You can believe me or not, you can doubt my intentions in admitting this or not, but I’m not interested in wallowing in my own despair. I’ve realized that my brain is no longer able to reason its way out of this, and while it’s certainly a very minor step, saying it here is a part of the fixing process. I promise I won’t make every post hereafter about this topic, nor will I anthropomorphize it (“my depression wants cake,” oh my god shut up) – I’m just sick of feeling shitty all the time.

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About erineph

I'm Erin. I have tattoos and more than one cat. I am an office drone, a music writer, and an erstwhile bartender. I am a cook in the bedroom and a whore in the kitchen. Things I enjoy include but are not limited to zombies, burritos, Cthulhu, Kurt Vonnegut, Keith Richards, accordions, perfumery, and wearing fat pants in the privacy of my own home.
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13 Responses to Ugh

  1. McD says:

    This post is the most brave and honest thing I’ve read all year. I hope you find what you need.

  2. The first step to feeling better is realizing you’re depressed.
    I go to therapy off and on when mine kicks in, and here’s the best advice I ever got from my awesome shrinks:

    1. Take Vitamin B Stress Complex
    2. Exercise for 30 minutes a day
    3. Try to get 30 minutes of sun (or at least fresh air) a day. A daily walk, basically
    4. Sleep. A lot. Not too much, but a lot
    5. Fruits and veggies! Mostly veggies

    I share that advice with people when they’re depressed OR when they get dumped or are dealing with a death. And I sum it up with: take care of your body until your heart catches up. It works. I promise.
    I feel like, with the exception of people who have a serious chemical imbalance, people with depression can learn how to treat those feelings when they come (and stay … for a long time). And again, it’s so much easier when you realize what those feelings are. Good luck. (And I know you hate therapy, but it saved my life. Therapists are like blind dates, though, if you find one you hate (remember Shoe Lady?) don’t give up.)

    • erineph says:

      Hahahaha, when I told Graham, I was like “and If I find someone like this SHOE WOMAN Stephanie found, I swear to god I will go insane.”

      • “When the going gets tough, go shoe shopping!” *Linda Belcher laugh*

      • Rama says:

        at 200 or even less I will be happy. I have to be happy now or else the whegit is just going to come back again like it aawlys does. People think because i’m a Christian I should automatically be happy and have it all together, but the truth is that I don’t and that is why I do need God in my life so that He can help heal all the past hurts and wounds I have in my life.

  3. Becky Lott says:

    I deal with depression too. It’s been on and off for a couple years but I also have that “I’m just sick of feeling shitty” feeling when it’s goes on too long. I have used medication for it and it’s helped drastically. I don’t feel like meds are always the answer. I started volunteering and had a couple talk therapy sessions and I think it all helps. Find what makes you feel better and keep at it, It gets easier.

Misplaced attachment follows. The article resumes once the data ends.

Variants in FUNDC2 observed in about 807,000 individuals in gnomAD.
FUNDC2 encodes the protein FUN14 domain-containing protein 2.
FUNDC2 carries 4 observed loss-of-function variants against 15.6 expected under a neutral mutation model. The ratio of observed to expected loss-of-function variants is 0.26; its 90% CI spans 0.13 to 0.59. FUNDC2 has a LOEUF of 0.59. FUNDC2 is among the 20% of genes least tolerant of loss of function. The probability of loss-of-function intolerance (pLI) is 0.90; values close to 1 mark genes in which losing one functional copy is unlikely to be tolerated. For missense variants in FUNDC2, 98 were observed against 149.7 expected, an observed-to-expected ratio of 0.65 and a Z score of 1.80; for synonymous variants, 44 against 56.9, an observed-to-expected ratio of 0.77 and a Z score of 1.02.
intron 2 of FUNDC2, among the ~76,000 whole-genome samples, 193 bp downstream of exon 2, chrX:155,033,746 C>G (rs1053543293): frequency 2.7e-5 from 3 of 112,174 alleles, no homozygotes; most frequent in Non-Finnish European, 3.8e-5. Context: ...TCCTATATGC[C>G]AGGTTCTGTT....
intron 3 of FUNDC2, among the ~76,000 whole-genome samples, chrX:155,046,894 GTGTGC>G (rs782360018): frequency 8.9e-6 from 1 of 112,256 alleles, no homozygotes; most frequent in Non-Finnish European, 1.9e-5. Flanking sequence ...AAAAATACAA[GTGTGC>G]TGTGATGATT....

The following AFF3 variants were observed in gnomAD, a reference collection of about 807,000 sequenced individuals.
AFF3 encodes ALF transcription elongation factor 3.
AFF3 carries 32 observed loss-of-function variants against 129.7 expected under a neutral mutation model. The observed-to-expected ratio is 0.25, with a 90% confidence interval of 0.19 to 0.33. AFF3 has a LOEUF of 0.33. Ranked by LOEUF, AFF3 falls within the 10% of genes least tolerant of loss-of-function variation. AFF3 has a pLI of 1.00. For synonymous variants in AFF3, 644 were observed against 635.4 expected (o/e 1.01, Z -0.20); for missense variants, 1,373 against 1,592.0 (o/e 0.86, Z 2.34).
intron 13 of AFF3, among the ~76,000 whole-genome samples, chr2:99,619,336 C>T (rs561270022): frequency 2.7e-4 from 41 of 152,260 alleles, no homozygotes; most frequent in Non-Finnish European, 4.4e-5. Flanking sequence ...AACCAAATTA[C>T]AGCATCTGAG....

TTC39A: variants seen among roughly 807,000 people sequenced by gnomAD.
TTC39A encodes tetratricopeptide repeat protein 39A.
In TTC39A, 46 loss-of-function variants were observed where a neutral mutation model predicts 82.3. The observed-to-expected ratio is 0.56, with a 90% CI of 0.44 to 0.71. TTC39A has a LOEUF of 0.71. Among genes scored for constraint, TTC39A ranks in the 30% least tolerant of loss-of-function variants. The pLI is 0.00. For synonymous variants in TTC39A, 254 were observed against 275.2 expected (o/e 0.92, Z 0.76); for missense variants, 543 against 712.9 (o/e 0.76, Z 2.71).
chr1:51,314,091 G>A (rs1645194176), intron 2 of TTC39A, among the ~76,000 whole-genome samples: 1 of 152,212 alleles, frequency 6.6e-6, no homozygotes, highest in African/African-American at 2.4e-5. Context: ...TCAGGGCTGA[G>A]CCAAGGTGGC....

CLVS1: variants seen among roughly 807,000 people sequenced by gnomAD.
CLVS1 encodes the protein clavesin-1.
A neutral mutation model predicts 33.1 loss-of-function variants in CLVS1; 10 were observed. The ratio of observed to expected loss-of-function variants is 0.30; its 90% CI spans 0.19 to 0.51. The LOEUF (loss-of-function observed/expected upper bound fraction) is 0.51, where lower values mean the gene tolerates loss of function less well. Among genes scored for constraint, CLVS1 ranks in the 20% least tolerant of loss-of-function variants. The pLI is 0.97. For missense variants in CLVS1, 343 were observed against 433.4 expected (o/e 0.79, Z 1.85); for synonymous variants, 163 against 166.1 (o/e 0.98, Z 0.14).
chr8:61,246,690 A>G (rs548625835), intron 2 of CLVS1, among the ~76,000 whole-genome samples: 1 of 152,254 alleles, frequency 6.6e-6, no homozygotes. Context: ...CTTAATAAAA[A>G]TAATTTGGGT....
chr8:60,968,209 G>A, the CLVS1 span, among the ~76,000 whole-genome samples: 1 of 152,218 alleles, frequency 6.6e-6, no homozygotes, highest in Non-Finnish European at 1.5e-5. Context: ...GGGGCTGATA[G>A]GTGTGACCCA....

4. Karisma says:

    First, I want to commend you on speaking honestly and forthright about yourself and recognizing there may be a problem. By the way, I have never noticed in any of your writings that you seemed depressed. The first step is acknowledging the problem, the second is admitting it..you have done both…now you can work on it. Instead of looking for price on consultations start asking who he is good. Word of mouth is your best referral..I wish you much success on your self journey. Also, your honesty is one of the main reasons I like your blog. Hang in there you are already on the road to a happier YOU! 🙂

  5. Carmen says:

    Do you find yourself drinking (self-medicating) with beer, wine, whatever at the end of each day? Or even relying on caffeine a lot? These things can keep your body in a perpetual biochemical bummer loop, or at the very least cloud your outlook. Toss in some 30-year-old female hormonal instability or even age-related shifts, and you’ve got a recipe for cyclical depression. You can feel like crap most of the time even if you don’t quite meet all the medical diagnostic criteria for Bipolar. Try going 30 days without alcohol and caffeine, drinking only lots of water. Focus on high nutrition supplemented with a daily multivitamin. If you try this for 30 days and still feel shitty, THEN it’s time to get a medical ckeckup to rule out things like low thyroid and/or hormone imbalance. If all that checks out OK, it’s time to find a therapist to talk through issues, etc. I’m sure Seattle has plenty of therapists to pick from. And speaking of Seattle….any chance the trademark Seattle weather has had a depressive influence on you more than you could have anticipated? I know a guy from the Midwest who relocated to Seattle and ultimately had to leave because he felt like the “lack of sunlight” was really messing him up.

    • erineph says:

      All sound advice, but this has been going on for over a year, and being the kind of person who once was really jazzed about getting a rock tumbler once, I’ve taken an observational approach. I DO plan on starting a multivitamin with B and D concentrations, although I’ve noticed that alcohol consumption (has been very high before, but is currently – and by “currently” I mean the past…7 months or so? been quite low) isn’t really a factor; if anything, I want to drink less when it gets really severe.

      I already drink a shitload of water and have examined my diet, which is (startlingly) pretty good. The sunlight isn’t a factor, either, since this was occurring long before Seattle AND in a city where we were in perpetual summer drought.

      Also, if I gave up caffeine, I’d be homicidal instead of depressive.

      I’m definitely not interested in medication, but I have been told that valid shrinks will recommend a medical screening or at least ask lifestyle-related questions before attempting treatment. Which is what I’d want, anyway. Because ROCK TUMBLER. SCIENCE.

  6. Carmen says:

    Good luck. Please get a complete physical.

  7. Robin says:

    It’s awesome, Erin, that you wrote about this. Depression sucks but I hope you will find a good therapist who can help you realize that you don’t have to be sad anymore